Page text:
Songs of My Soul launch

After six weeks of planning and a life time of cosmic ordering (remember that?) the date for Songs Of My Soul book launch arrived. I was delighted with the venue, the gorgeous OSO Arts Centre in Barnes. I was nervous, of course, that no-one would show up, but I also felt that it wasn’t about numbers, it was about the VIBE. And the vibe was amazing; relaxed yet professional, joyous, yet as poignant as the verses demanded. Here are a few pictures which I hope capture the mood, as for occasions like these, words can sometimes be superfluous.



‘I give you words like I give you gold’

A writerly mind, and putting it down on paper..When the words in your head simply become to loud to ignore, you need to write them down. That is the theory behind journalling. That is also my theory behind being a writer – the deep desire to get the words out of your head and written down. I get lots of ideas just at the point of dropping off to sleep, so I keep my phone near my bed which has a good recording app, so I can use it even if I’m half asleep! I have a collection of notebooks – emblazoned with stripes, pastels, gallery covers, liberty prints – you get the picture.

I know EXACTLY what is in each of them, which helps me to make sense of my disparate creative thoughts. I truly hope you enjoy ‘Songs’ – I have used the experiences of my life, which are common experiences and distilled the thoughts and feelings into words and finally poems. I would love to know which of the poems most closely resonates with an experience of yours.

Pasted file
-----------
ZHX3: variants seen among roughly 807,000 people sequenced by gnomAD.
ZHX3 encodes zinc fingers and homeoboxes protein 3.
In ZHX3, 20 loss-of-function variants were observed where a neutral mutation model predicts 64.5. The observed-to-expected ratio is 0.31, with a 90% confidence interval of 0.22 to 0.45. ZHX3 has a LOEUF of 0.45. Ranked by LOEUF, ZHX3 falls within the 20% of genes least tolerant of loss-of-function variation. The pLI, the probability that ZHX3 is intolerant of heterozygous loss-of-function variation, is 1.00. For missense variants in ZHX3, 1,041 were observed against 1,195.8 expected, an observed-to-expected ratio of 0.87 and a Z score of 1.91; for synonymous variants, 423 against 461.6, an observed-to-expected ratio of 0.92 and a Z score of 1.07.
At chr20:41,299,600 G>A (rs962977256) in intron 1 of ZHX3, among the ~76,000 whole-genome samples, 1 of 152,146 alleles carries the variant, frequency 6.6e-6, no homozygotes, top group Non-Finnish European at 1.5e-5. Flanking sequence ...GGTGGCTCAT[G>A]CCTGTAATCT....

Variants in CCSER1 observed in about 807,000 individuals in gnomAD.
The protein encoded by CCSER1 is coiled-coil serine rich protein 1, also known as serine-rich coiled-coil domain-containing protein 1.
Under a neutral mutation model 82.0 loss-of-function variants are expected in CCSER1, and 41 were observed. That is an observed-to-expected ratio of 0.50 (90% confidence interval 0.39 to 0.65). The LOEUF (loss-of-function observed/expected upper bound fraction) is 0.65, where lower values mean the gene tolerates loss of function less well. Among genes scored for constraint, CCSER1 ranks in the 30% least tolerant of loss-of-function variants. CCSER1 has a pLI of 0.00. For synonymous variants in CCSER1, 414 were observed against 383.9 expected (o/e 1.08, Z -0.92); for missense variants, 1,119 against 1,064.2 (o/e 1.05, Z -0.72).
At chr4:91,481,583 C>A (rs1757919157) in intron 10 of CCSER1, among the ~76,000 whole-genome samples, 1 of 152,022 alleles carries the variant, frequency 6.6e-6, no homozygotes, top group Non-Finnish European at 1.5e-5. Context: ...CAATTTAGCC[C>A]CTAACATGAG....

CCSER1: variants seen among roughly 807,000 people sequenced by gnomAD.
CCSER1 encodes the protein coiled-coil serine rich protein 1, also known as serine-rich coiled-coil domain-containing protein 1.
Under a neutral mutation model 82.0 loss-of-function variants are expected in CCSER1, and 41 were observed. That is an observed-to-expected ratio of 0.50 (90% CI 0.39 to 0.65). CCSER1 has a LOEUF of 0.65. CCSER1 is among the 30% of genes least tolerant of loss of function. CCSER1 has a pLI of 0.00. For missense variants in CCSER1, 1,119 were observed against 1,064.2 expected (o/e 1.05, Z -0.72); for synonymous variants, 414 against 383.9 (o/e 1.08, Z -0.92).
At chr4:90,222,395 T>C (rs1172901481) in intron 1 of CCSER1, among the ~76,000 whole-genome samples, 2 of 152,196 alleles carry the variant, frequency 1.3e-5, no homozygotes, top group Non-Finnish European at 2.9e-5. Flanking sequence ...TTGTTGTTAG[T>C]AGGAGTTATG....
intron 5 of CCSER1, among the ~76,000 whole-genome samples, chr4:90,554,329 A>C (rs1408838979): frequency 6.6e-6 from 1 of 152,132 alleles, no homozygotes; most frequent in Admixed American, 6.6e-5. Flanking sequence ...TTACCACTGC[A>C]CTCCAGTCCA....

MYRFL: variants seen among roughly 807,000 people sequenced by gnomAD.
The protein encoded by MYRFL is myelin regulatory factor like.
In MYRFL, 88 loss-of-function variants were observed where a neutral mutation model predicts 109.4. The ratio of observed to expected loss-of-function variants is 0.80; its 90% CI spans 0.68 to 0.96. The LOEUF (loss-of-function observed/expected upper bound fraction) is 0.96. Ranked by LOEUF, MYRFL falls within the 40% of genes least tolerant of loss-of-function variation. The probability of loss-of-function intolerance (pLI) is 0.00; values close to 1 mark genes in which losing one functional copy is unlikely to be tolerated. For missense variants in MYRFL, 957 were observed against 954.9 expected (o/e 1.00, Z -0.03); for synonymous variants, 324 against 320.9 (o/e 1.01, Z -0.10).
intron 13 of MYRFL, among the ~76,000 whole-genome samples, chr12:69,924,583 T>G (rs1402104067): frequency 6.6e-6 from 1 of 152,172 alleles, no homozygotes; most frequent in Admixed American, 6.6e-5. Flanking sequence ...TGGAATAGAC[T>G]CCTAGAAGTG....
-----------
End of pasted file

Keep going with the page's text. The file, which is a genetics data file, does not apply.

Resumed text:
ZONG 1781 a poem for Black History Month

I first read Zong 1781 at my Songs of My Soul poetry book launch on October 25. I’m beginning to love history! Not just black history – all history. The entanglement of people as they migrate across the planet – their wars, their stories, their monuments, statements of wealth, places of worship. I’m endlessly fascinated in the what, why and where of the places I visit. It’s endlessly stimulating for my poetic mind.

I have just finished reading David Olusoga’s Black & British which can only be described as astounding. It races through history, TARDIS-like from the early tudors and stuarts, extends a visit to the Victorians and Edwardians, landing in the current day. He blows a hole in the Windrush myth, i.e. that the black presence in Britain began when the ship of the same name docked at Tilbury. He provides colourful and detailed evidence about the role that black people played on the world stage through times of slavery, colonialism the commonwealth and both world wars through considerable difficulties and many triumphs.

My personal quest for knowledge is like a deep-rooted tree seeking both sunlight and water. I have started to read multiple books simultaneously – the more I read, the more I write!

What do you think of the poem? Do you love history too, especially if like me, you used to dislike it at school!

Suzy Rowland

Writing a book when you have a day job

Long before Songs of My Soul was conceived, I remember the living room floor at my mother’s house strewn with handwritten manuscripts, paperclips, highlighter pens, squiggles on note paper and lots of colour photos. It looked like a crazy unsolvable jigsaw   – it was to become my mother, Cas Walker’s, first edition of Focus on the Caribbean, published in 1988. Her book was one of a series of books aimed to assist the primary classroom teacher, to help kids in their increasingly multicultural schools, to learn and understand more about the cultures of some of their classmates.

It seemed hideously complicated to me, writing a book; I was glad it was my mother who was battling with research and deadlines and not me, as I slunk up to bed at about 11pm. She often worked well into the night, ‘burning the midnight oil’ she called it and was up early the next morning for her job as schools’ curriculum adviser at Birmingham City Council.